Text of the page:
* Dairy cooperative's milk vending machines cut prices for
* Greece has fourth-highest milk prices in EU
* Milk prices rose during deflation, six-year recession
By Lefteris Papadimas and Deepa Babington
LARISSA, Greece, Aug 5 Grassroots movements to
cut out middlemen have been on the increase since Greece's debt
crisis exposed the country's Achilles heel - a bureaucratic
system which stifles innovation and encourages corruption.
One of the most successful is based in Larissa, near the
demi-God's legendary birthplace. The town's new vending
machines, have, on a small scale, solved a problem Greece's
leaders and their international backers have tried and failed to
They dispense not snacks or soda, but milk, supporting
farmers while undercutting prices that have defied economic
logic to remain some of the highest in the European Union.
Greeks, whose average incomes fell by 30 percent since the
crisis hit in late 2009, have been flooding in - bringing their
own bottles or buying plastic or glass ones from the machines.
"People were waiting 20 to 30 minutes in line, to buy milk!"
said Constantine Gougoulias, 37, general manager of the dairy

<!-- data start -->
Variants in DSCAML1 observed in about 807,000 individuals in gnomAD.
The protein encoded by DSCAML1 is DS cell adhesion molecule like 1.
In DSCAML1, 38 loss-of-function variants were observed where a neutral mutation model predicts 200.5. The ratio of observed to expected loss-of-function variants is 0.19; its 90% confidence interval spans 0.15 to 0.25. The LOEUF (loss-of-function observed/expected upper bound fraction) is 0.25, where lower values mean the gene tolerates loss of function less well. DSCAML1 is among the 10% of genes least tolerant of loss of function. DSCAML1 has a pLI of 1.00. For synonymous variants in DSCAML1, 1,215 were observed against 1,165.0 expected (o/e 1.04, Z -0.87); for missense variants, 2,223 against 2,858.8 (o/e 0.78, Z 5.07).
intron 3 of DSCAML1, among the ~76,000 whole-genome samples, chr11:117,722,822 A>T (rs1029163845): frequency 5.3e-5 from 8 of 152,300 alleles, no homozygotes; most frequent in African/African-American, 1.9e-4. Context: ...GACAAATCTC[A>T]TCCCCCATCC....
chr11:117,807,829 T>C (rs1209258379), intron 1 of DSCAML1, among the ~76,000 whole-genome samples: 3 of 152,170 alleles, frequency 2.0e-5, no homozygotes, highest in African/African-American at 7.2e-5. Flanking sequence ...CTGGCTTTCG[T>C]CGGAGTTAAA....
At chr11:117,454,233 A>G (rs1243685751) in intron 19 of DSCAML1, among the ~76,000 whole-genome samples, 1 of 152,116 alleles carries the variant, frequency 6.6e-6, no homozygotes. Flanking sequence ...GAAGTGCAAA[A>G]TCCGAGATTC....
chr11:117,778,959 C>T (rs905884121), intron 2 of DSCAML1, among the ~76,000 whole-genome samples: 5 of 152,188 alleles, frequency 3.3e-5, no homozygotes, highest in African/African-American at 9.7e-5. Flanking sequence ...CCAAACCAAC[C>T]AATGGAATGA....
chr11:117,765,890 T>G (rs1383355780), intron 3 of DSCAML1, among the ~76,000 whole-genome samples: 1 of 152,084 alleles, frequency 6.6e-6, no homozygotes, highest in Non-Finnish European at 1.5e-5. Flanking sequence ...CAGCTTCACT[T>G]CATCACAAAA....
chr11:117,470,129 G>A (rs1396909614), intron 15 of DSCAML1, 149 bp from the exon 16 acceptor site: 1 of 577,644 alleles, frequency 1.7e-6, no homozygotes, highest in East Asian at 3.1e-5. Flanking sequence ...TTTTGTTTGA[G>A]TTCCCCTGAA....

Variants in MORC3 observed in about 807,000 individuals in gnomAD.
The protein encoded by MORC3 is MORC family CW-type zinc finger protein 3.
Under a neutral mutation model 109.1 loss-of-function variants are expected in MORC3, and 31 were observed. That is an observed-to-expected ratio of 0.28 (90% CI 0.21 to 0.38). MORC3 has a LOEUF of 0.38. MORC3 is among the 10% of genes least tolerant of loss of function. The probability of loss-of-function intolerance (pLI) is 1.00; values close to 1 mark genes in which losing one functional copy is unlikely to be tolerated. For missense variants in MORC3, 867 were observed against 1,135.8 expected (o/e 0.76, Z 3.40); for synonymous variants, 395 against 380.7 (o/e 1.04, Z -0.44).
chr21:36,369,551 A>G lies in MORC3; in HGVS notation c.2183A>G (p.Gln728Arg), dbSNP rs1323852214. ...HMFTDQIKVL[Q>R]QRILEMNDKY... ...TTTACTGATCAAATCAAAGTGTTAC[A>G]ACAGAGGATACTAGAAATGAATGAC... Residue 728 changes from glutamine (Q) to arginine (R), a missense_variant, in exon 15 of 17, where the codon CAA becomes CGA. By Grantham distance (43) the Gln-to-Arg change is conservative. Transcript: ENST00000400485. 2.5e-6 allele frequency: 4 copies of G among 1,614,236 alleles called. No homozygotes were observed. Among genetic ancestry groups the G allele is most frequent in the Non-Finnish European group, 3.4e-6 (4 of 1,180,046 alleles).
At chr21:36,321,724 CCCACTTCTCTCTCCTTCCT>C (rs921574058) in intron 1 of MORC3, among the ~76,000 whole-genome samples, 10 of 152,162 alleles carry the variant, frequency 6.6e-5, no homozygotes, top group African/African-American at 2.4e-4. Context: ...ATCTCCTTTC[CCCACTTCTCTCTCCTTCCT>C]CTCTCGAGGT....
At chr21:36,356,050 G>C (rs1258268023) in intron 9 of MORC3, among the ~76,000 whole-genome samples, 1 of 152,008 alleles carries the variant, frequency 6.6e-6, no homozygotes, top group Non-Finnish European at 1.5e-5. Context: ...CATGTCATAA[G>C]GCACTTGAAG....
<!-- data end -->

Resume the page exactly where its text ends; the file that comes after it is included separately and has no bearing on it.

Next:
cooperative behind the initiative, describing the response on
the day the machines were set up. "We were telling them, 'Hold
on, we need to fill the machines first'."
Today ThesGala or "Want Milk?" has expanded to 14 vending
machine outlets in Larissa and plans to double the network in
and around the central city over the next year.
Sales from the blue and white machines account for a small
fraction of the cooperative's milk output, but they show how
crisis has encouraged entrepreneurship where self-interest has a
social twist in a country where bureaucracy stifles development.
Most of those efforts have been informal, relying on word of
mouth and loosely organised at the outskirts of towns and
In 2012, for example, potato farmers began selling their